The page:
Is there anybody getting meaningful fixes with REACH in post processing?

We have been using RTK equipment for different applications and I think we kind of know what we are doing. However, when it comes to REACH things are really weird. I am not talking about RTK(which we have given up already), but about post-processing kinematic solutions. We get some fixes (<20%) when the rover is static but as soon as it takes off with the UAV (flying not faster than 2m/s) we get float solutions (in the best case) and SPPs. We have good ground plates, but even with those C/N0 is not that great. The really weird thing is that when we replace the REACH base with a commercial Leica receiver (+antenna) we get even less fixes. There is something really weird, and after spending weeks on debugging we start loosing motivation to try to make that product work (or at least bring it closer to a state that one could call working). So here’s my question: How are your fix ratios in post-processing and was your rover moving during that time?

Hello Thomas,

Please post Rinex files, picture of your setup and how you are processing the files. Bad C/N0 could be caused by interference from other equipment on the aircraft, it is not only ground plane dependant.

An example of good results can be found in the docs.

Dear Ivan,
Thanks for the reply.
Please let me know your email address and I can mail you a link from where to get the file. I am not going to share them in this forum as the data will be used by one of our students in a master thesis project.
Thanks for your understanding.

Dear Thomas,

You can send them to with a link to this thread. Please archive them and make sure that they are <15MB. A link to download is perfect.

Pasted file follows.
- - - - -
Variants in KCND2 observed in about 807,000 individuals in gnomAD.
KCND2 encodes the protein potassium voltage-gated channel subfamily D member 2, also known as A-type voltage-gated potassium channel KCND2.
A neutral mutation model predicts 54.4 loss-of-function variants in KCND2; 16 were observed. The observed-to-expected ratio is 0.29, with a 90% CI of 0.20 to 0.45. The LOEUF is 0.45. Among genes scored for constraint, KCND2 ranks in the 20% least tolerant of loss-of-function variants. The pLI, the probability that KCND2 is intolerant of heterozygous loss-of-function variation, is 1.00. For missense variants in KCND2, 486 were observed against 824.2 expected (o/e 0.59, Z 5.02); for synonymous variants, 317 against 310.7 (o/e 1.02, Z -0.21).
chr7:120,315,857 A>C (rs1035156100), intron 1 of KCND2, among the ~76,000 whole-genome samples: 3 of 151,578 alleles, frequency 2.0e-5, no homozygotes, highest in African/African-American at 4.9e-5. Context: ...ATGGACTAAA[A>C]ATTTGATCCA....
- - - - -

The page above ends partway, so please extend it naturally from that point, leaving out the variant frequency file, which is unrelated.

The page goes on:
So, plotting the observations with RTKPLOT reveals the source of the issue.

Base observations are plotted on the left and rovers are plotted on the right. Red marks show cycle slips. While base has almost perfect data, rover experiences heavy interference from some source. This also explains why replacing the base with Leica did not help, because base was not the issue!

This kind of analysis has been shown in the post-processing tutorial. Getting fixed solution requires finding the reason of why the collected data is so bad.

My suggestion is to remove Reach and antenna from your UAV and test it separately. You should get equally good observations on rover and base and solution with good percentage of fixes. After that you need to find which component on your drone is causing interference and move antenna as far from it as possible.

Real-time SNR view in ReachView is great help when integrating Reach in a drone. Just remove power from other equipment on board and bring it back one by one and observe SNR, if it drops by 5-10 points on power up of a certain device you have found your cause!

Best regards,

1 Like

Thanks. Yes we found that as well. However, we get very similar results even if we don’t mount it on the UAV, but just walk around…

There must be something different between how base and rover are setup that will explain it.

Yes, but since we perform all analysis with the raw observation filesit can only be the antenna or the UBLOX chip. Or do I miss something?

Try to swap receivers / antennas / place and isolate the reason.

Maybe you can also post some pictures?

I try to setup an experiment tomorrow and come back to you…

We were running some simple tests (walking around with a reach unit) after installing the latest firmware and software updates. Things look slightly better. More tests next week …

We finally got fixes (>90% in post processing). We had to separate the antenna from the reach further away and also had to put each of the components quite far away from the drone body (roughly 20 cm above the hood). Beside this mechanical fix we confirm that only the very latest REACH software/firmware version gives us satisfying results. In the end a workaround that serves our purpose …